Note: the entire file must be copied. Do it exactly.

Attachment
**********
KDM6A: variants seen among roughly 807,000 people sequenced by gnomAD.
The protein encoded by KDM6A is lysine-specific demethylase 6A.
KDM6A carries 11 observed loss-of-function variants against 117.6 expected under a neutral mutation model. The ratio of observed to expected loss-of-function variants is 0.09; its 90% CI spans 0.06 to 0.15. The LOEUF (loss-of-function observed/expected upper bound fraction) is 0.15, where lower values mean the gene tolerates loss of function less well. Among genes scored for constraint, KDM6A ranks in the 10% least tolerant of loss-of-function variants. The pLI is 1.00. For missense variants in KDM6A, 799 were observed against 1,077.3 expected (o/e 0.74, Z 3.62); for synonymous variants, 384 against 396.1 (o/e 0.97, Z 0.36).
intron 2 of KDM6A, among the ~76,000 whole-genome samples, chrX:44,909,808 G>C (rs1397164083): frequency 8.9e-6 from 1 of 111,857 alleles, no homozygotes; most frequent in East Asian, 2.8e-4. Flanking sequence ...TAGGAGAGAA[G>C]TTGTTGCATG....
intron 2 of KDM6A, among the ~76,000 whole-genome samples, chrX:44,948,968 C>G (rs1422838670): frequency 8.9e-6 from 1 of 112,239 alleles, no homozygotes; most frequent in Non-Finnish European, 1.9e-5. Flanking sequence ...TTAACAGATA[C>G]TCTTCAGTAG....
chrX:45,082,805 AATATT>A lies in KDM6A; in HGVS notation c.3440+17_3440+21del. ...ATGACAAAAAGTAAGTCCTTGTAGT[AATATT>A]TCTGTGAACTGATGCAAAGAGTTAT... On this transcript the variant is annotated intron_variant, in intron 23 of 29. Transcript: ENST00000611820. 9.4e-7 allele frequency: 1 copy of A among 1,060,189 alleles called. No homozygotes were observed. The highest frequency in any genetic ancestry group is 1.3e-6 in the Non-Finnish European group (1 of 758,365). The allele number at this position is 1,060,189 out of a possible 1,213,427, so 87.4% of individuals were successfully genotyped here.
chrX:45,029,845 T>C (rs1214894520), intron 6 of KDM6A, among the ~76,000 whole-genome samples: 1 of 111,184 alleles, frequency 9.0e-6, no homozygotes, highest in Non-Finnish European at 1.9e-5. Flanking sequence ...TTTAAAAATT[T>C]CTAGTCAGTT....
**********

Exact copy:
KDM6A: variants seen among roughly 807,000 people sequenced by gnomAD.
The protein encoded by KDM6A is lysine-specific demethylase 6A.
KDM6A carries 11 observed loss-of-function variants against 117.6 expected under a neutral mutation model. The ratio of observed to expected loss-of-function variants is 0.09; its 90% CI spans 0.06 to 0.15. The LOEUF (loss-of-function observed/expected upper bound fraction) is 0.15, where lower values mean the gene tolerates loss of function less well. Among genes scored for constraint, KDM6A ranks in the 10% least tolerant of loss-of-function variants. The pLI is 1.00. For missense variants in KDM6A, 799 were observed against 1,077.3 expected (o/e 0.74, Z 3.62); for synonymous variants, 384 against 396.1 (o/e 0.97, Z 0.36).
intron 2 of KDM6A, among the ~76,000 whole-genome samples, chrX:44,909,808 G>C (rs1397164083): frequency 8.9e-6 from 1 of 111,857 alleles, no homozygotes; most frequent in East Asian, 2.8e-4. Flanking sequence ...TAGGAGAGAA[G>C]TTGTTGCATG....
intron 2 of KDM6A, among the ~76,000 whole-genome samples, chrX:44,948,968 C>G (rs1422838670): frequency 8.9e-6 from 1 of 112,239 alleles, no homozygotes; most frequent in Non-Finnish European, 1.9e-5. Flanking sequence ...TTAACAGATA[C>G]TCTTCAGTAG....
chrX:45,082,805 AATATT>A lies in KDM6A; in HGVS notation c.3440+17_3440+21del. ...ATGACAAAAAGTAAGTCCTTGTAGT[AATATT>A]TCTGTGAACTGATGCAAAGAGTTAT... On this transcript the variant is annotated intron_variant, in intron 23 of 29. Transcript: ENST00000611820. 9.4e-7 allele frequency: 1 copy of A among 1,060,189 alleles called. No homozygotes were observed. The highest frequency in any genetic ancestry group is 1.3e-6 in the Non-Finnish European group (1 of 758,365). The allele number at this position is 1,060,189 out of a possible 1,213,427, so 87.4% of individuals were successfully genotyped here.
chrX:45,029,845 T>C (rs1214894520), intron 6 of KDM6A, among the ~76,000 whole-genome samples: 1 of 111,184 alleles, frequency 9.0e-6, no homozygotes, highest in Non-Finnish European at 1.9e-5. Flanking sequence ...TTTAAAAATT[T>C]CTAGTCAGTT....